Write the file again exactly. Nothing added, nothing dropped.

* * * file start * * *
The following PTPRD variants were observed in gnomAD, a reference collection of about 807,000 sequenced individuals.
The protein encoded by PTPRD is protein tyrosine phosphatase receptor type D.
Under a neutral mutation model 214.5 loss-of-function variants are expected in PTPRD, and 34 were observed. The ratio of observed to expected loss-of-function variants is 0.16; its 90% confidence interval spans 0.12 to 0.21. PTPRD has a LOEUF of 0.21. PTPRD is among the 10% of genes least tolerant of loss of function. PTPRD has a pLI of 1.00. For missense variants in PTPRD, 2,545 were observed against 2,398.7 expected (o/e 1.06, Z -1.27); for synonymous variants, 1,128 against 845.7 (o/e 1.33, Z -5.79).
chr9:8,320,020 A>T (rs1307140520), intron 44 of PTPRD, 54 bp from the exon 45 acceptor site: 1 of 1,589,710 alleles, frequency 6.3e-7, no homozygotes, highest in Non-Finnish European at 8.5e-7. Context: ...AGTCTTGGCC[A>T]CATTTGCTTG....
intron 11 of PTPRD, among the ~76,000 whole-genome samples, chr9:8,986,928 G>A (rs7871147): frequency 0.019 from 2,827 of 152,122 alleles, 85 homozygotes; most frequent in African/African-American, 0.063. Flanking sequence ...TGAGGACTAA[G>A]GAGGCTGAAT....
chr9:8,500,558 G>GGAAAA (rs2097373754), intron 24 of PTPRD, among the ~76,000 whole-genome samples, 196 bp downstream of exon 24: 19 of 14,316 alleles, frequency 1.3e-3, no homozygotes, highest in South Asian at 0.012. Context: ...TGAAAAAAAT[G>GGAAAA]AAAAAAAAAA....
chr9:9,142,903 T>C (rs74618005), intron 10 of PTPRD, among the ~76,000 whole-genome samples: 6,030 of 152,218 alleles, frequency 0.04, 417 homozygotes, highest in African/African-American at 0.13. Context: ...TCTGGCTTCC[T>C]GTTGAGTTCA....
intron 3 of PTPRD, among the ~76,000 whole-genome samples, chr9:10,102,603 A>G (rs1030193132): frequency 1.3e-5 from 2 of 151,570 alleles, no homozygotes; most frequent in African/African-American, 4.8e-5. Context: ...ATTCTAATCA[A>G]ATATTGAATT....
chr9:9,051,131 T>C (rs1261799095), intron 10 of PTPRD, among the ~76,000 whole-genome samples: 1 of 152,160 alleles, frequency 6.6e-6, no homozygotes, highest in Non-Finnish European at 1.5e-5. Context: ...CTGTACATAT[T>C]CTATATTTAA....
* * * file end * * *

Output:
The following PTPRD variants were observed in gnomAD, a reference collection of about 807,000 sequenced individuals.
The protein encoded by PTPRD is protein tyrosine phosphatase receptor type D.
Under a neutral mutation model 214.5 loss-of-function variants are expected in PTPRD, and 34 were observed. The ratio of observed to expected loss-of-function variants is 0.16; its 90% confidence interval spans 0.12 to 0.21. PTPRD has a LOEUF of 0.21. PTPRD is among the 10% of genes least tolerant of loss of function. PTPRD has a pLI of 1.00. For missense variants in PTPRD, 2,545 were observed against 2,398.7 expected (o/e 1.06, Z -1.27); for synonymous variants, 1,128 against 845.7 (o/e 1.33, Z -5.79).
chr9:8,320,020 A>T (rs1307140520), intron 44 of PTPRD, 54 bp from the exon 45 acceptor site: 1 of 1,589,710 alleles, frequency 6.3e-7, no homozygotes, highest in Non-Finnish European at 8.5e-7. Context: ...AGTCTTGGCC[A>T]CATTTGCTTG....
intron 11 of PTPRD, among the ~76,000 whole-genome samples, chr9:8,986,928 G>A (rs7871147): frequency 0.019 from 2,827 of 152,122 alleles, 85 homozygotes; most frequent in African/African-American, 0.063. Flanking sequence ...TGAGGACTAA[G>A]GAGGCTGAAT....
chr9:8,500,558 G>GGAAAA (rs2097373754), intron 24 of PTPRD, among the ~76,000 whole-genome samples, 196 bp downstream of exon 24: 19 of 14,316 alleles, frequency 1.3e-3, no homozygotes, highest in South Asian at 0.012. Context: ...TGAAAAAAAT[G>GGAAAA]AAAAAAAAAA....
chr9:9,142,903 T>C (rs74618005), intron 10 of PTPRD, among the ~76,000 whole-genome samples: 6,030 of 152,218 alleles, frequency 0.04, 417 homozygotes, highest in African/African-American at 0.13. Context: ...TCTGGCTTCC[T>C]GTTGAGTTCA....
intron 3 of PTPRD, among the ~76,000 whole-genome samples, chr9:10,102,603 A>G (rs1030193132): frequency 1.3e-5 from 2 of 151,570 alleles, no homozygotes; most frequent in African/African-American, 4.8e-5. Context: ...ATTCTAATCA[A>G]ATATTGAATT....
chr9:9,051,131 T>C (rs1261799095), intron 10 of PTPRD, among the ~76,000 whole-genome samples: 1 of 152,160 alleles, frequency 6.6e-6, no homozygotes, highest in Non-Finnish European at 1.5e-5. Context: ...CTGTACATAT[T>C]CTATATTTAA....